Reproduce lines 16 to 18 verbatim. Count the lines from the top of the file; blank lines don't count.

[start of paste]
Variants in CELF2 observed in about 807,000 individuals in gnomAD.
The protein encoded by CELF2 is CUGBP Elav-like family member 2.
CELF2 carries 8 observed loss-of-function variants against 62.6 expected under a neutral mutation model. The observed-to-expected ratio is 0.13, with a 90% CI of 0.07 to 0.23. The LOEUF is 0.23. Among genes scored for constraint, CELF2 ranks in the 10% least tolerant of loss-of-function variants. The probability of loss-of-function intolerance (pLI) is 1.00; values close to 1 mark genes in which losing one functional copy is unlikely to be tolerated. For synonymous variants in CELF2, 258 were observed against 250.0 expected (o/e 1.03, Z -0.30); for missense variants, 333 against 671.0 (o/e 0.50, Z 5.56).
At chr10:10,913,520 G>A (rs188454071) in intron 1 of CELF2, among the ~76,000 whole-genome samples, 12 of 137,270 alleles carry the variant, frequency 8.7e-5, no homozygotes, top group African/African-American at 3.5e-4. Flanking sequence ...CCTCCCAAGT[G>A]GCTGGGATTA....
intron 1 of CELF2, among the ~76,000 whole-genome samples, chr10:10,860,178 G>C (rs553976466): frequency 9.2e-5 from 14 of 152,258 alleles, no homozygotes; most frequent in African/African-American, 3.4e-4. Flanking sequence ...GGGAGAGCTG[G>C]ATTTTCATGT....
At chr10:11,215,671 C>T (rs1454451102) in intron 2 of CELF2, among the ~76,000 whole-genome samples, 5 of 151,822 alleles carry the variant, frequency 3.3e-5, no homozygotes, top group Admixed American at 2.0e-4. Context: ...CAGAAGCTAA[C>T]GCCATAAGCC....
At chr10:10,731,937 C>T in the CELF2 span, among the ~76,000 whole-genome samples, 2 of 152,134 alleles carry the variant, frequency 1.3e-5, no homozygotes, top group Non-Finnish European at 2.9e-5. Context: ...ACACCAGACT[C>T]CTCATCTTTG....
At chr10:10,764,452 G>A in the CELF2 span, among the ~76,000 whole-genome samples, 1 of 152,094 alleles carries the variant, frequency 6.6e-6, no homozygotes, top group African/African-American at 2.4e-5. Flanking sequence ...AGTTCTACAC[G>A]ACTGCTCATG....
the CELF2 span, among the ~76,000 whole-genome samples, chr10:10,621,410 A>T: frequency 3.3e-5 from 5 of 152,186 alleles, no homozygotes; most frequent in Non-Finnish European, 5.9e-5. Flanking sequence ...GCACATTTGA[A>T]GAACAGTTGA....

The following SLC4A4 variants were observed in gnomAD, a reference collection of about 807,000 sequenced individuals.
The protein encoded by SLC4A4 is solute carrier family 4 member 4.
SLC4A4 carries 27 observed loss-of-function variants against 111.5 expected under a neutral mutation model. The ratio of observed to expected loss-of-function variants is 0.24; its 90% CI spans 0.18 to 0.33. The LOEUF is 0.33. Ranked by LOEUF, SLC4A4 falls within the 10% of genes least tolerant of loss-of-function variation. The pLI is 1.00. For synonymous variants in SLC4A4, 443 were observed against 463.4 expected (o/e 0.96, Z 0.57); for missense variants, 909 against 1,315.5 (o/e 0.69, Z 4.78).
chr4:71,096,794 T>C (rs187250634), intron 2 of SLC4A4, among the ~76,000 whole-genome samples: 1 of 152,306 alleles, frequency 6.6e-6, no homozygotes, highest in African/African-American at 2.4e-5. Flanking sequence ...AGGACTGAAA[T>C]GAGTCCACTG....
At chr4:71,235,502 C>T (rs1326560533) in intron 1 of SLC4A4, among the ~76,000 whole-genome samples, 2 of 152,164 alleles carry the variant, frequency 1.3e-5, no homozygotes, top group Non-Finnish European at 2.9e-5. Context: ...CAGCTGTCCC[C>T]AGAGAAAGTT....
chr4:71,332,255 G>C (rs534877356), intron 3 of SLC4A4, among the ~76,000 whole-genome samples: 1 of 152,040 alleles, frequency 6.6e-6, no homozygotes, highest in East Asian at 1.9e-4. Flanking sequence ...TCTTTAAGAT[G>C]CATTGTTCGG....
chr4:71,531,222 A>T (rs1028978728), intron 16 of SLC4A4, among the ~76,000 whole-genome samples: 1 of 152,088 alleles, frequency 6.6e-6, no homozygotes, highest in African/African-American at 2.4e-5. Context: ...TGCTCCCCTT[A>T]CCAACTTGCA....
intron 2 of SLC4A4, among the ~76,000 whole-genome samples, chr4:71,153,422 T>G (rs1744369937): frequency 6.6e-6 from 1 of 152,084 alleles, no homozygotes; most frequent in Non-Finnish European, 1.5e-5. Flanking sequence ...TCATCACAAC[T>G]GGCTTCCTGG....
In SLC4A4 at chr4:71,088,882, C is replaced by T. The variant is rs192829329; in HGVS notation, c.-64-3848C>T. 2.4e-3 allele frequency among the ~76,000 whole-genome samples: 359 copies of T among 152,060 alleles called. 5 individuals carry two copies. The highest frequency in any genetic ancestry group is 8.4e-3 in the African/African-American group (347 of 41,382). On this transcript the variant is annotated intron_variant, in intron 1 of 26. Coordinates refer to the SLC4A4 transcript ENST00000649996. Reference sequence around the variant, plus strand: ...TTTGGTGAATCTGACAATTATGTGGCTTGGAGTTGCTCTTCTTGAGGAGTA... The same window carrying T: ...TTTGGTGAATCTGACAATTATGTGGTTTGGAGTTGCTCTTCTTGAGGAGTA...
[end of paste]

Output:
chr4:71,531,222 A>T (rs1028978728), intron 16 of SLC4A4, among the ~76,000 whole-genome samples: 1 of 152,088 alleles, frequency 6.6e-6, no homozygotes, highest in African/African-American at 2.4e-5. Context: ...TGCTCCCCTT[A>T]CCAACTTGCA....
intron 2 of SLC4A4, among the ~76,000 whole-genome samples, chr4:71,153,422 T>G (rs1744369937): frequency 6.6e-6 from 1 of 152,084 alleles, no homozygotes; most frequent in Non-Finnish European, 1.5e-5. Flanking sequence ...TCATCACAAC[T>G]GGCTTCCTGG....
In SLC4A4 at chr4:71,088,882, C is replaced by T. The variant is rs192829329; in HGVS notation, c.-64-3848C>T. 2.4e-3 allele frequency among the ~76,000 whole-genome samples: 359 copies of T among 152,060 alleles called. 5 individuals carry two copies. The highest frequency in any genetic ancestry group is 8.4e-3 in the African/African-American group (347 of 41,382). On this transcript the variant is annotated intron_variant, in intron 1 of 26. Coordinates refer to the SLC4A4 transcript ENST00000649996. Reference sequence around the variant, plus strand: ...TTTGGTGAATCTGACAATTATGTGGCTTGGAGTTGCTCTTCTTGAGGAGTA... The same window carrying T: ...TTTGGTGAATCTGACAATTATGTGGTTTGGAGTTGCTCTTCTTGAGGAGTA...